You died on Monday.
I confess, I’d forgotten about you until I started seeing your name flash by in my social media feeds. Elisabeth Elliot, Tenacious Missionary to Ecuador, Dies at 88.
All week, I’ve been thinking about you…about the way your story, already romanticized into evangelical lore by the time I started high school, collided with mine: You were the woman whose husband was killed by a tribe in Ecuador while you were missionaries there in 1956. You were the woman who stayed there anyway and kept doing her work.
It was an epic kind of faith story, and it had already been shaping and defining American evangelicalism for nearly fifty years by the time it began to shape me.
My sort-of-boyfriend at the time had Africa-shaped stars in his eyes…and what was it about stories of martyrdom that appealed so strongly to him — to all of them — that whole burning-for-Jesus bunch?
Whatever it was, he wanted to be Jim Eliot, living fearlessly in some jungle somewhere, which in my mind, mean that I was supposed to be you.
You — the woman who waited five years in patient purity for Jim to decide whether or not God wanted him to marry. You, who followed him to South America (though you had wanted to go be a missionary in Africa), who made a home among the South American Indians for your small daughter, who went back to the tribe that murdered your husband to complete the task of sharing the beautiful story of Jesus.
Yours were impossibly huge shoes to fill, but I wanted the missionary boy to love me…and so I tried. I read everything you wrote and underlined big swaths of text. And much of what you wrote was about relationships, purity and gender roles.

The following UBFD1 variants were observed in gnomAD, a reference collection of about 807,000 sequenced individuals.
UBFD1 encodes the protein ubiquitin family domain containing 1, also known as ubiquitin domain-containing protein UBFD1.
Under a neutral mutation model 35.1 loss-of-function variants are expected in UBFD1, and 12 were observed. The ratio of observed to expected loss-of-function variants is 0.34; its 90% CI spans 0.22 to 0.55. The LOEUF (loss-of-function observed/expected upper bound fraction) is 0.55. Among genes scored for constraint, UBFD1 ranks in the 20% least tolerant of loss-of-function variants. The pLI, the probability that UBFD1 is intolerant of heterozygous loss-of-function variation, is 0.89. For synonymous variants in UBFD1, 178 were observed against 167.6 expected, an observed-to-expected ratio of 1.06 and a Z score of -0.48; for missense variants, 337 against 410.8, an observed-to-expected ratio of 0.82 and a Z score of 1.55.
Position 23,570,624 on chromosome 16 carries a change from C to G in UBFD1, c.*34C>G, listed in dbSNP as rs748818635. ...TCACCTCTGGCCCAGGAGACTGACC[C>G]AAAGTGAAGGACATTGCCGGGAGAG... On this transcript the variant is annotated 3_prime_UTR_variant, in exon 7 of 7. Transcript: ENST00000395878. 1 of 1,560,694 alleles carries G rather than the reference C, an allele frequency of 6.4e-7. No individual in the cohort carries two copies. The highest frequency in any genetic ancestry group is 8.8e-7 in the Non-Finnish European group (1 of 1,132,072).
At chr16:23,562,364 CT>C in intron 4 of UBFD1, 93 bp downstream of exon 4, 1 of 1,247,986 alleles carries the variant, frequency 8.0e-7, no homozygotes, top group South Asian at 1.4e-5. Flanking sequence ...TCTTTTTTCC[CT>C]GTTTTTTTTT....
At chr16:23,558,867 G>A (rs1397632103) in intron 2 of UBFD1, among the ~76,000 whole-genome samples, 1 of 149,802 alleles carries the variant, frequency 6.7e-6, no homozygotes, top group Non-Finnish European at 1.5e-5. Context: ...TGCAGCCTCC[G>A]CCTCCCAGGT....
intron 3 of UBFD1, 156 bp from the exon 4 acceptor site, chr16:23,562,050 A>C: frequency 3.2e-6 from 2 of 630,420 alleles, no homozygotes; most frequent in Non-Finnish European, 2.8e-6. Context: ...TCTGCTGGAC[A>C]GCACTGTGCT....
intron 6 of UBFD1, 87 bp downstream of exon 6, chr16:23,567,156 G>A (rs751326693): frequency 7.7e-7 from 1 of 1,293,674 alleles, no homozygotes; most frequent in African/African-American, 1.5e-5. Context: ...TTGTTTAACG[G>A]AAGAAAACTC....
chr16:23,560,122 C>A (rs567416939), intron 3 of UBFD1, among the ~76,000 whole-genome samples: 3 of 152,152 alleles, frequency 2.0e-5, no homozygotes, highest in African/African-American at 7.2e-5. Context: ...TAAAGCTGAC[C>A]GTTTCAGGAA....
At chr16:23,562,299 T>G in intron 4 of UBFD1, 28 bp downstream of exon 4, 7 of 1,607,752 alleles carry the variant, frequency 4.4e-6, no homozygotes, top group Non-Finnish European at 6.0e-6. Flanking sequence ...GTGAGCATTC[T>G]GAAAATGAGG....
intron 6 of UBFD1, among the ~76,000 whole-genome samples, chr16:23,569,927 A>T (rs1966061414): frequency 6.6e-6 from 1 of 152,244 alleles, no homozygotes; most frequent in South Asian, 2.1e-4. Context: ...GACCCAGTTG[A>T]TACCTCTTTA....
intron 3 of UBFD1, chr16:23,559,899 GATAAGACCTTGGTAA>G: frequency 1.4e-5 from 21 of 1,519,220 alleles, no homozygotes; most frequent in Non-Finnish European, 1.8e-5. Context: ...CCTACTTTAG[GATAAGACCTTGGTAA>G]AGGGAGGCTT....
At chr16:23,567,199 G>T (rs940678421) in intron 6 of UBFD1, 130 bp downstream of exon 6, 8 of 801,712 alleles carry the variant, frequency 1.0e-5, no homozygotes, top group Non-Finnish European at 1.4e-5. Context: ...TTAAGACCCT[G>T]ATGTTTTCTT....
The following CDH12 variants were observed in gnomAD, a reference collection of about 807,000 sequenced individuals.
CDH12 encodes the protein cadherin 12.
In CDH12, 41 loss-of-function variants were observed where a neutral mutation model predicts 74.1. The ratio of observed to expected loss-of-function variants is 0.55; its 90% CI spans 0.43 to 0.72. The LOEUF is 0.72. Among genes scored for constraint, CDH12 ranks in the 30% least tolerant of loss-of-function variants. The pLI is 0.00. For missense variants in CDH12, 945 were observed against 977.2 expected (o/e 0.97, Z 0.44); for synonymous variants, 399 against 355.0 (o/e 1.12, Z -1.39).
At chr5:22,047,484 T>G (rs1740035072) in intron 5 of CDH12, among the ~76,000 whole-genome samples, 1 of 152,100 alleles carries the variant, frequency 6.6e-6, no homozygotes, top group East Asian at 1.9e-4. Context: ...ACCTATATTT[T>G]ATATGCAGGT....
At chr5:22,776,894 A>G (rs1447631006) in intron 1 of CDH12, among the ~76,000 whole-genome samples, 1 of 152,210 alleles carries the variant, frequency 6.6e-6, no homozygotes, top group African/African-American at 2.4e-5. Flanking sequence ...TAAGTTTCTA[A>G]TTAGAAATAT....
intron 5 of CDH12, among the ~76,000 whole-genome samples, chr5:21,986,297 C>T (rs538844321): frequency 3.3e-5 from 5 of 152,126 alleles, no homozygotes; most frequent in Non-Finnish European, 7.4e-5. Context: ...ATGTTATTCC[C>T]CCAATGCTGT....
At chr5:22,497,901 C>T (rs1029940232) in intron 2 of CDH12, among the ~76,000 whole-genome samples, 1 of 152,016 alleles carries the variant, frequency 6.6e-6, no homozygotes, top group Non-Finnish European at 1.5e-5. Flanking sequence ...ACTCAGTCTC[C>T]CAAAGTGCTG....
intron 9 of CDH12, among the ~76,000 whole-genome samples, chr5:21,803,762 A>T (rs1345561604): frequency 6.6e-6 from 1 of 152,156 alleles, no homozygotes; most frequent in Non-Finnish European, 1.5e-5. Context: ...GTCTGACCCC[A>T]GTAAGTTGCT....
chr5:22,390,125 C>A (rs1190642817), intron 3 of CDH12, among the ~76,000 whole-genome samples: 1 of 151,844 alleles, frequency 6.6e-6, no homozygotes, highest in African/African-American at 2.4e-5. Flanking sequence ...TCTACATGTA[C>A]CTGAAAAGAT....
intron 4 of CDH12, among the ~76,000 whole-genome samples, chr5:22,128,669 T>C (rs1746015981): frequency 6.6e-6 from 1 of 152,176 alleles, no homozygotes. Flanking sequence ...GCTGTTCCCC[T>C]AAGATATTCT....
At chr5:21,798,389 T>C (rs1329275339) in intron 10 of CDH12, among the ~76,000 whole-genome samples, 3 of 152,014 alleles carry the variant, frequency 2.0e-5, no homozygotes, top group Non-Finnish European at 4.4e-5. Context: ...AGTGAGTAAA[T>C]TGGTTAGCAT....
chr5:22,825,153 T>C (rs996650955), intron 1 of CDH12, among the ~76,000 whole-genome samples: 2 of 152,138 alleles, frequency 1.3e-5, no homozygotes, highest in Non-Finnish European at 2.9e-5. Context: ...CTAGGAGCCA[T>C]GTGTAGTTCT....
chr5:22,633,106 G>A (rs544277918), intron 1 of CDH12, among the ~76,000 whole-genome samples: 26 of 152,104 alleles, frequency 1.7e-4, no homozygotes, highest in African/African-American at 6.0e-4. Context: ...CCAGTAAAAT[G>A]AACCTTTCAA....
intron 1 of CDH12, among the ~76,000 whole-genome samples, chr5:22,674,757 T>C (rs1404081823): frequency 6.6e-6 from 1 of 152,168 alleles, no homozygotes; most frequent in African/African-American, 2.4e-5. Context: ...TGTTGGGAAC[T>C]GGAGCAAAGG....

When I was fourteen, wavering in my own purpose and identity, hopelessly in love with an older missionary boy, I read your books, and you pointed me into the Garden of Eden when God created man, and then, from one of his ribs, woman. “You can’t make use of a thing unless you know what it was made for,” you wrote. And a woman, you said, was made for man.
And maybe if I’d been older or wiser or less desperate, I would have read something different in those words. But at fourteen, I took them to mean that I ought to devote myself to the boy, submit to his dreams and plans, nod and acquiesce and wait as he tried to discern whether God wanted us to be together…or, finally, not.
I’ve been re-reading those books this week. Somewhere, either in transition or in spiritual angst, I lost (or gave away, or destroyed) Passion and Purity, but I still have Let Me Be a Woman and Quest for Love. And your words still raises all sorts of complicated feelings in me.
You took the hard line on gender roles. You believed that the meaning of womanhood excluded women from church ministry. You had nothing but contempt for the Woman’s Liberation Movement, set yourself up against a “Them” that you believed were set on turning woman into “a caricature, a pseudo-personhood.” You did not particularly want women in “the workplace” and were appalled that they were being let into the army. You wrote in certainties and absolutes that make me bristle now.
“The way you keep your house, the way you organize your time, the care you take in your personal appearance, the things you spend your money on all speak loudly about what you believe,” you wrote to your daughter in Let Me Be a Woman. “‘The beauty of Thy peace’ shines forth in an ordered life. A disordered life speaks loudly of disorder in the soul.”